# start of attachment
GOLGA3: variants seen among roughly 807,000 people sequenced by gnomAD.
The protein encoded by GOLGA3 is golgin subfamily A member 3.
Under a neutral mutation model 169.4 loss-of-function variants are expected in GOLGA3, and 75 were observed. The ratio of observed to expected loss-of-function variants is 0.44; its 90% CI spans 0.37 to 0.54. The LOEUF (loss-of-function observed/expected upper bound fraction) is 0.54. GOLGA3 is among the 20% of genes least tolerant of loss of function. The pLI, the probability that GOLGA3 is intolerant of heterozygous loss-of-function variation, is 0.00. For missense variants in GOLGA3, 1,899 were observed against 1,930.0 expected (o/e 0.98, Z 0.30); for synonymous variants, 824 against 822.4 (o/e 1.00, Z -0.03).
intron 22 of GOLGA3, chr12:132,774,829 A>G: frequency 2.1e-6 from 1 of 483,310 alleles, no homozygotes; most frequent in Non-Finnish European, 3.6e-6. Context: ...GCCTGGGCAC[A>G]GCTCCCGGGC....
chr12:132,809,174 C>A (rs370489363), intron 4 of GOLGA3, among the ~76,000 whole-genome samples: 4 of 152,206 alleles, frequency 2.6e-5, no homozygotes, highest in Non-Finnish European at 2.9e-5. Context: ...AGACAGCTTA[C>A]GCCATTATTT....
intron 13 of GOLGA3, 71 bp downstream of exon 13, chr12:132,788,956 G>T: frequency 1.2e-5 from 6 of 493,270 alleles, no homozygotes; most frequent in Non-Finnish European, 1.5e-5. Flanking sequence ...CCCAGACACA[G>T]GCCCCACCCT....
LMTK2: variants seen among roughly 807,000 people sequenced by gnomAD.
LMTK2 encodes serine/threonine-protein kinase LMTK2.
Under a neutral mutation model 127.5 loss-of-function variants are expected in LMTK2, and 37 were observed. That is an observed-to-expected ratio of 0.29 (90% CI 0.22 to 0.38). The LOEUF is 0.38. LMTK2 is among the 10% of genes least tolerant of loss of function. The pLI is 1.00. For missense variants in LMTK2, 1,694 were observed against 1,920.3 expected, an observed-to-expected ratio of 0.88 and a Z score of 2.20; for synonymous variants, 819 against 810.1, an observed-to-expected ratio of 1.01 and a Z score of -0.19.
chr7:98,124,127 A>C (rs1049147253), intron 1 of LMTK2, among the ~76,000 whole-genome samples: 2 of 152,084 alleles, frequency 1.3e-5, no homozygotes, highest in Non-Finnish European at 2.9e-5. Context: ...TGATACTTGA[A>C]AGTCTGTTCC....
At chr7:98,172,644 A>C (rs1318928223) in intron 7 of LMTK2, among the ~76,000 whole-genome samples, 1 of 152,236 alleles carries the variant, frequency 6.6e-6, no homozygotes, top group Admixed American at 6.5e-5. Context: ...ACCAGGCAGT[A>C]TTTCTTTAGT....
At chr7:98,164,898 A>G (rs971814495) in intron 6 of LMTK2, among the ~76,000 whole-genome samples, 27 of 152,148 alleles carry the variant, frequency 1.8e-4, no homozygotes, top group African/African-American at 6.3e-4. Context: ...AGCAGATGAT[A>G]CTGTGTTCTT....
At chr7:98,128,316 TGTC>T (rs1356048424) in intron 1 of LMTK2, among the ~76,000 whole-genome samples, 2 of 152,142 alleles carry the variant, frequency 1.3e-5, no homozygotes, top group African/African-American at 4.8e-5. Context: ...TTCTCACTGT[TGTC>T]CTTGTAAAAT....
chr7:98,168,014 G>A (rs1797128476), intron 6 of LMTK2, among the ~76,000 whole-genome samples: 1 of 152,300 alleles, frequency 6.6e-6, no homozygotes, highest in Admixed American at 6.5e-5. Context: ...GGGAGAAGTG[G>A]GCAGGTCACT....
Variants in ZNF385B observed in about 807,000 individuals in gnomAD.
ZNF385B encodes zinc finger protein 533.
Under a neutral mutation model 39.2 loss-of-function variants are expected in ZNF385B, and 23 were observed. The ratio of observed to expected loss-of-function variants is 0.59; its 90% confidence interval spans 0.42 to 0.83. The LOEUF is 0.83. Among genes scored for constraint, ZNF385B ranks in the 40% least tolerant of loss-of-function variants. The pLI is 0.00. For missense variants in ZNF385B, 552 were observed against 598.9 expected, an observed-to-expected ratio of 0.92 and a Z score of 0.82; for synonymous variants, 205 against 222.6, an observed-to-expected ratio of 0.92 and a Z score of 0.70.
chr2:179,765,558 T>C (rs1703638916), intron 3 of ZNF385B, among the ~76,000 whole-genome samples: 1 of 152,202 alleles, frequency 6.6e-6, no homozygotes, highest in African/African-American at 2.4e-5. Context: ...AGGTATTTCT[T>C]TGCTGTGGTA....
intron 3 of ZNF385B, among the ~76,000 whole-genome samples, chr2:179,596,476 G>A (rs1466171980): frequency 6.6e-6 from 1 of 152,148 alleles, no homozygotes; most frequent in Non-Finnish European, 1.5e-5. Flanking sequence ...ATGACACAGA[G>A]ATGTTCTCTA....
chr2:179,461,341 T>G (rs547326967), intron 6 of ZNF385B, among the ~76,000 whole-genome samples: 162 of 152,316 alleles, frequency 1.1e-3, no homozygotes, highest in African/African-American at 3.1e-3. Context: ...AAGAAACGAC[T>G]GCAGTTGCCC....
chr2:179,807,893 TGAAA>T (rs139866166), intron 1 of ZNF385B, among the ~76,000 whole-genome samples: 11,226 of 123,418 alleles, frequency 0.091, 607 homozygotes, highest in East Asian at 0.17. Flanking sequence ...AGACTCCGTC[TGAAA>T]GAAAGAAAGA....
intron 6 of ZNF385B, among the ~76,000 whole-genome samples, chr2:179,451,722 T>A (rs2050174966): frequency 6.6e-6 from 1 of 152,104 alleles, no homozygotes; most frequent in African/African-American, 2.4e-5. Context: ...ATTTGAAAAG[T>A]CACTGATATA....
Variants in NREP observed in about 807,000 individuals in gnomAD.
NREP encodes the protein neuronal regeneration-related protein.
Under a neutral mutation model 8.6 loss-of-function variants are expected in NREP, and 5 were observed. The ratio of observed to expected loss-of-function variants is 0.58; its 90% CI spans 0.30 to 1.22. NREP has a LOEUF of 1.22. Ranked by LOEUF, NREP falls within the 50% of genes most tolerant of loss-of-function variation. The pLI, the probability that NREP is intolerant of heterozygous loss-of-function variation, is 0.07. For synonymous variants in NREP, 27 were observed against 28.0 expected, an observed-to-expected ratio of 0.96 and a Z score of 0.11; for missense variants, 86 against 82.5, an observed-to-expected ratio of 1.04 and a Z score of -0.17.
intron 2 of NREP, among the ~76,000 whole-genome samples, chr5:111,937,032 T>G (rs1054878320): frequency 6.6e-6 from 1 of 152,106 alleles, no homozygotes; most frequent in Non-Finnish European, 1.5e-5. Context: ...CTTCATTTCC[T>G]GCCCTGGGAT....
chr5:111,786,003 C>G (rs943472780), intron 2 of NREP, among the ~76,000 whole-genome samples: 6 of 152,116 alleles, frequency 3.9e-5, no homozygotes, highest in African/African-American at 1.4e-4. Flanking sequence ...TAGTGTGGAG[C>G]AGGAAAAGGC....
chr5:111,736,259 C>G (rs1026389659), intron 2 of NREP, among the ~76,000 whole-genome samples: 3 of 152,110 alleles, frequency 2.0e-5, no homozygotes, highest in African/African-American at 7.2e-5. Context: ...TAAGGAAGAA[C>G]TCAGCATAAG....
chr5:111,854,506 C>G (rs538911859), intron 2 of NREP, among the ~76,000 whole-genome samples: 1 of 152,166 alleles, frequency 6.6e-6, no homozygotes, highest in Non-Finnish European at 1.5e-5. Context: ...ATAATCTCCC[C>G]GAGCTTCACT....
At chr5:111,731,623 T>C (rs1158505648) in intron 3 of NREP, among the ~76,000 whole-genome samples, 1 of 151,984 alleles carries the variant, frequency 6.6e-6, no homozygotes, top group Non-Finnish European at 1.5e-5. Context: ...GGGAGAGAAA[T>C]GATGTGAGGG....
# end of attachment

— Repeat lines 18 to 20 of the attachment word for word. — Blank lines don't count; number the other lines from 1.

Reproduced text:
chr2:179,765,558 T>C (rs1703638916), intron 3 of ZNF385B, among the ~76,000 whole-genome samples: 1 of 152,202 alleles, frequency 6.6e-6, no homozygotes, highest in African/African-American at 2.4e-5. Context: ...AGGTATTTCT[T>C]TGCTGTGGTA....
intron 3 of ZNF385B, among the ~76,000 whole-genome samples, chr2:179,596,476 G>A (rs1466171980): frequency 6.6e-6 from 1 of 152,148 alleles, no homozygotes; most frequent in Non-Finnish European, 1.5e-5. Flanking sequence ...ATGACACAGA[G>A]ATGTTCTCTA....
chr2:179,461,341 T>G (rs547326967), intron 6 of ZNF385B, among the ~76,000 whole-genome samples: 162 of 152,316 alleles, frequency 1.1e-3, no homozygotes, highest in African/African-American at 3.1e-3. Context: ...AAGAAACGAC[T>G]GCAGTTGCCC....